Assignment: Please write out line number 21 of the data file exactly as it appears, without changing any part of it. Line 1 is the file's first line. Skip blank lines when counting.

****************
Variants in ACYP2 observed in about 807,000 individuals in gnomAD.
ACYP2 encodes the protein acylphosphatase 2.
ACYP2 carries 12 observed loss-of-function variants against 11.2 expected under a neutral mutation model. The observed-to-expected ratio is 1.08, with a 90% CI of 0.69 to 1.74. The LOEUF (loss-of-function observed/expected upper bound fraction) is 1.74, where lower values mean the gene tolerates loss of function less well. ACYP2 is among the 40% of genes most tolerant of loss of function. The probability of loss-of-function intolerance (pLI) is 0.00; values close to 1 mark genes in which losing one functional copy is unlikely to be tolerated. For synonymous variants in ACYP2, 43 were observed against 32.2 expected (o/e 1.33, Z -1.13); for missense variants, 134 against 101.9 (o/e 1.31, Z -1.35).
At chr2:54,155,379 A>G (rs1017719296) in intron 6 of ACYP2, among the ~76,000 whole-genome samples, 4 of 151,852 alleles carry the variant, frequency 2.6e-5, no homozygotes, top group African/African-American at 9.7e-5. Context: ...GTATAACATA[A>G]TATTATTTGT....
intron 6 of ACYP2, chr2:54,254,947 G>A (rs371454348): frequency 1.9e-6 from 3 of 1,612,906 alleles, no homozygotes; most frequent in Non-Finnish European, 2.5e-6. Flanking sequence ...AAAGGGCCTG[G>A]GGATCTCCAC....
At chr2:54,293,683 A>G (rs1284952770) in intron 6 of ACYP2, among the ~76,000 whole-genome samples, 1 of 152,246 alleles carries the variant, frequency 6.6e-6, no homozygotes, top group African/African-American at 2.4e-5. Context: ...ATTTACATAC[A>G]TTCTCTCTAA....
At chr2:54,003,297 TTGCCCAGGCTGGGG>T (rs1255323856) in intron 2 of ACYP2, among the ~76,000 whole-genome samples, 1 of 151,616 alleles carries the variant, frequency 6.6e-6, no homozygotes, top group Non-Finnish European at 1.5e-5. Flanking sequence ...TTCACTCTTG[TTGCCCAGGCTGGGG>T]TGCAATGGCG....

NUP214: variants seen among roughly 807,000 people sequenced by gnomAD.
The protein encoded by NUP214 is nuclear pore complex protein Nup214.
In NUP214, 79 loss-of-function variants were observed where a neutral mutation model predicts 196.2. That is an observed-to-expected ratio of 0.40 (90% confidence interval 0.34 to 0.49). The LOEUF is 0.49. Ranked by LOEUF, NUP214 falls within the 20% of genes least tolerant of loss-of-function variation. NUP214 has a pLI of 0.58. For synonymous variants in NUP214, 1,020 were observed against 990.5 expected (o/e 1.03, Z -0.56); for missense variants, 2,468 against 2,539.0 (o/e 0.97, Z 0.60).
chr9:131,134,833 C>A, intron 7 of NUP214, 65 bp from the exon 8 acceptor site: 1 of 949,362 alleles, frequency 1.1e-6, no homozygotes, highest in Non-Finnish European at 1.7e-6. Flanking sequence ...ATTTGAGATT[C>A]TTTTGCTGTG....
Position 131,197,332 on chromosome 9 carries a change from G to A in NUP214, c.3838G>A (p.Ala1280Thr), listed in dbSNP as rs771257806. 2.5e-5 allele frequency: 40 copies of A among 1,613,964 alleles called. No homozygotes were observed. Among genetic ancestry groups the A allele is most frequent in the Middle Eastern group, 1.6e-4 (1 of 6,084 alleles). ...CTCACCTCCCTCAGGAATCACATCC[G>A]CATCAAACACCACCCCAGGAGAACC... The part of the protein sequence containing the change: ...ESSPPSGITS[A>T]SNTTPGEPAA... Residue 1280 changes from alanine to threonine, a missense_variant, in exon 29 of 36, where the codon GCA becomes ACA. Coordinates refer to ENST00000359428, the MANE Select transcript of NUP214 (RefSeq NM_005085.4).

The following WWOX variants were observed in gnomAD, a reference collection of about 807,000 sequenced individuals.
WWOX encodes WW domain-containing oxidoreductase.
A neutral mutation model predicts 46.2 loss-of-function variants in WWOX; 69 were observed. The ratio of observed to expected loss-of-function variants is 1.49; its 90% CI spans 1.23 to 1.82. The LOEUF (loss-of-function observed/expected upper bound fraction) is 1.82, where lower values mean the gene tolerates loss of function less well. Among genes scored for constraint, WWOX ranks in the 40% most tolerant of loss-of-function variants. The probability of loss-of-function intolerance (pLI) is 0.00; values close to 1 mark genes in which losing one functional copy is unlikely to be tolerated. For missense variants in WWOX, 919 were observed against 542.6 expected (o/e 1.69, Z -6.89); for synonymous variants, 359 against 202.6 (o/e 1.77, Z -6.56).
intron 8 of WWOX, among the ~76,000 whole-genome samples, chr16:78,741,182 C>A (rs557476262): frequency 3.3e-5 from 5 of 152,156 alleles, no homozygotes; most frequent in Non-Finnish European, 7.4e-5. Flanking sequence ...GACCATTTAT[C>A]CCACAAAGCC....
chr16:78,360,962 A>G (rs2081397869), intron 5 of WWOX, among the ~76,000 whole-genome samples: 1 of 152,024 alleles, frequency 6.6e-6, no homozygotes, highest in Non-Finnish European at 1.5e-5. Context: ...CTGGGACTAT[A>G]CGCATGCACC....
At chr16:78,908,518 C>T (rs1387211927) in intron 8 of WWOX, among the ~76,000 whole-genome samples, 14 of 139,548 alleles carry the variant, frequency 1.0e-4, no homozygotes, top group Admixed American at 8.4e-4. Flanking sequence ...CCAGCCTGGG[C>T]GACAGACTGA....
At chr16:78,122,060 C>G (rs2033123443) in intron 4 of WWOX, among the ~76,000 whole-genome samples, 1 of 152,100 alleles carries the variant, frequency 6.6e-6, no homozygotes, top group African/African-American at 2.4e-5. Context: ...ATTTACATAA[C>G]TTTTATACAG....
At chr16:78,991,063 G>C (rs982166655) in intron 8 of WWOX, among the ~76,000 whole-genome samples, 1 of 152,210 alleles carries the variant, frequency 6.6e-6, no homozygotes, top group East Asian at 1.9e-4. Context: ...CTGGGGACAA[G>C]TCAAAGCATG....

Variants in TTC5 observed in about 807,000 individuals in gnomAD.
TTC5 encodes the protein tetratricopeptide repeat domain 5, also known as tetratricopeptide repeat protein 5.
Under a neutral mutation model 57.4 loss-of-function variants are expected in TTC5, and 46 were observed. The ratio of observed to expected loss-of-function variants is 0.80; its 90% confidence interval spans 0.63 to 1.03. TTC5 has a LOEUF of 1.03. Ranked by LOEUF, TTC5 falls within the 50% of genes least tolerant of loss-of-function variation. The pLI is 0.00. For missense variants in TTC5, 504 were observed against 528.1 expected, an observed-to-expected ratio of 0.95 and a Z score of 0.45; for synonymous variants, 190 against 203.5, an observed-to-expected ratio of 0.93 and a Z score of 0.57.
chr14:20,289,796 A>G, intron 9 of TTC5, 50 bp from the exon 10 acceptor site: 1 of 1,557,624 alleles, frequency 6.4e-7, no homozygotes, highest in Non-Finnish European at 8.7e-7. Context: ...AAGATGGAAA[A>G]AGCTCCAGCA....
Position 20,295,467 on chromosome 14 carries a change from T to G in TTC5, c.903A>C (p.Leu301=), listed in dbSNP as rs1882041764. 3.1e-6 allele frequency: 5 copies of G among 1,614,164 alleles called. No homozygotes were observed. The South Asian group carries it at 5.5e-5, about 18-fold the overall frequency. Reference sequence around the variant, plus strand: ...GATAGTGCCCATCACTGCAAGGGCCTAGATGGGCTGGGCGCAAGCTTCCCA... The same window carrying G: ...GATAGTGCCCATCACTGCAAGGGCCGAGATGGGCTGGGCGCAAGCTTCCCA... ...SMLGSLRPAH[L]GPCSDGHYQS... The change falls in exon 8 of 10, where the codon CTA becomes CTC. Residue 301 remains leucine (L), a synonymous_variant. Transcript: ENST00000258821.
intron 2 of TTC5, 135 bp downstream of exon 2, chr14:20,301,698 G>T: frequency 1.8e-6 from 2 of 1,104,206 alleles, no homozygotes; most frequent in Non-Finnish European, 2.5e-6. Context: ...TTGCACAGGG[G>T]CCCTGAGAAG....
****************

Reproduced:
Variants in TTC5 observed in about 807,000 individuals in gnomAD.